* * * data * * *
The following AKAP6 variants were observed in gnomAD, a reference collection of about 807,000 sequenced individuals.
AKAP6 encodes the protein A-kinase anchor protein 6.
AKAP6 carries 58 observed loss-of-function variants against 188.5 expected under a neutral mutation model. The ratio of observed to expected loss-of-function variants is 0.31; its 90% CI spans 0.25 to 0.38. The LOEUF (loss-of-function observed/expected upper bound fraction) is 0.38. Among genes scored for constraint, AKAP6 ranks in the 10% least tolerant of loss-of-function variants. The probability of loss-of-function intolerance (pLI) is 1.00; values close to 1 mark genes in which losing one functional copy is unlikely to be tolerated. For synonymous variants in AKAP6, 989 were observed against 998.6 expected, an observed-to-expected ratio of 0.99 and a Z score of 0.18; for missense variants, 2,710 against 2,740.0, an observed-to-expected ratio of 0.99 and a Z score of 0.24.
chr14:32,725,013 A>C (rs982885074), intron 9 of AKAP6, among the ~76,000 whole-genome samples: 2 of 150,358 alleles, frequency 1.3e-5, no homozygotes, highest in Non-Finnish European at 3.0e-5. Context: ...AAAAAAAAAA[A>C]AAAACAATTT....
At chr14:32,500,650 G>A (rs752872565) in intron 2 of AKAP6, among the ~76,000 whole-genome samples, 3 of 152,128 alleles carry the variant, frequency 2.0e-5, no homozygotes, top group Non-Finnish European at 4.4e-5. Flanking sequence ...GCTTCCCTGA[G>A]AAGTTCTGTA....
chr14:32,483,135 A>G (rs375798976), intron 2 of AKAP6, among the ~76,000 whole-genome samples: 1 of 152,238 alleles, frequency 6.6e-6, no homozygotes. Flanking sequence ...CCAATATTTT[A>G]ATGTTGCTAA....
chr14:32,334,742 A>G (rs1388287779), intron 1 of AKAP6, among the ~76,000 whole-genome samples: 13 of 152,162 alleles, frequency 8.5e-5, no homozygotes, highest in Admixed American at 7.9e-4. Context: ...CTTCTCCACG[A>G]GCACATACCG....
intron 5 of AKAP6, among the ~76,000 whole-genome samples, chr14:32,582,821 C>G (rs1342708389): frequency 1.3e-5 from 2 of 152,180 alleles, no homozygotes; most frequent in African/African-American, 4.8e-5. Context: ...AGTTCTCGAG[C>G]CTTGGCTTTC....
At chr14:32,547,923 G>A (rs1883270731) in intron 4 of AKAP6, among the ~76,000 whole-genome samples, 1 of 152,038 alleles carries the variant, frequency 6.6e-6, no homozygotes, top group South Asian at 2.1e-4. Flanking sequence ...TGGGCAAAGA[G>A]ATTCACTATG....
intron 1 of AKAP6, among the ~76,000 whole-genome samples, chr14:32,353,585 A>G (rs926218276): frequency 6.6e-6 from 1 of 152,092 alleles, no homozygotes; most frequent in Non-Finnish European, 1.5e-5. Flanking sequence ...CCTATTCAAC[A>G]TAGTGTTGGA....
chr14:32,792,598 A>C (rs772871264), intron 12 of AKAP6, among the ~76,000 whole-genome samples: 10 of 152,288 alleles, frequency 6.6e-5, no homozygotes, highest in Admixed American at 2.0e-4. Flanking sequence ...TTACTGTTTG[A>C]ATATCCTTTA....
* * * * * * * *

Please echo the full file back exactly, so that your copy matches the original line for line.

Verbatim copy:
The following AKAP6 variants were observed in gnomAD, a reference collection of about 807,000 sequenced individuals.
AKAP6 encodes the protein A-kinase anchor protein 6.
AKAP6 carries 58 observed loss-of-function variants against 188.5 expected under a neutral mutation model. The ratio of observed to expected loss-of-function variants is 0.31; its 90% CI spans 0.25 to 0.38. The LOEUF (loss-of-function observed/expected upper bound fraction) is 0.38. Among genes scored for constraint, AKAP6 ranks in the 10% least tolerant of loss-of-function variants. The probability of loss-of-function intolerance (pLI) is 1.00; values close to 1 mark genes in which losing one functional copy is unlikely to be tolerated. For synonymous variants in AKAP6, 989 were observed against 998.6 expected, an observed-to-expected ratio of 0.99 and a Z score of 0.18; for missense variants, 2,710 against 2,740.0, an observed-to-expected ratio of 0.99 and a Z score of 0.24.
chr14:32,725,013 A>C (rs982885074), intron 9 of AKAP6, among the ~76,000 whole-genome samples: 2 of 150,358 alleles, frequency 1.3e-5, no homozygotes, highest in Non-Finnish European at 3.0e-5. Context: ...AAAAAAAAAA[A>C]AAAACAATTT....
At chr14:32,500,650 G>A (rs752872565) in intron 2 of AKAP6, among the ~76,000 whole-genome samples, 3 of 152,128 alleles carry the variant, frequency 2.0e-5, no homozygotes, top group Non-Finnish European at 4.4e-5. Flanking sequence ...GCTTCCCTGA[G>A]AAGTTCTGTA....
chr14:32,483,135 A>G (rs375798976), intron 2 of AKAP6, among the ~76,000 whole-genome samples: 1 of 152,238 alleles, frequency 6.6e-6, no homozygotes. Flanking sequence ...CCAATATTTT[A>G]ATGTTGCTAA....
chr14:32,334,742 A>G (rs1388287779), intron 1 of AKAP6, among the ~76,000 whole-genome samples: 13 of 152,162 alleles, frequency 8.5e-5, no homozygotes, highest in Admixed American at 7.9e-4. Context: ...CTTCTCCACG[A>G]GCACATACCG....
intron 5 of AKAP6, among the ~76,000 whole-genome samples, chr14:32,582,821 C>G (rs1342708389): frequency 1.3e-5 from 2 of 152,180 alleles, no homozygotes; most frequent in African/African-American, 4.8e-5. Context: ...AGTTCTCGAG[C>G]CTTGGCTTTC....
At chr14:32,547,923 G>A (rs1883270731) in intron 4 of AKAP6, among the ~76,000 whole-genome samples, 1 of 152,038 alleles carries the variant, frequency 6.6e-6, no homozygotes, top group South Asian at 2.1e-4. Flanking sequence ...TGGGCAAAGA[G>A]ATTCACTATG....
intron 1 of AKAP6, among the ~76,000 whole-genome samples, chr14:32,353,585 A>G (rs926218276): frequency 6.6e-6 from 1 of 152,092 alleles, no homozygotes; most frequent in Non-Finnish European, 1.5e-5. Flanking sequence ...CCTATTCAAC[A>G]TAGTGTTGGA....
chr14:32,792,598 A>C (rs772871264), intron 12 of AKAP6, among the ~76,000 whole-genome samples: 10 of 152,288 alleles, frequency 6.6e-5, no homozygotes, highest in Admixed American at 2.0e-4. Flanking sequence ...TTACTGTTTG[A>C]ATATCCTTTA....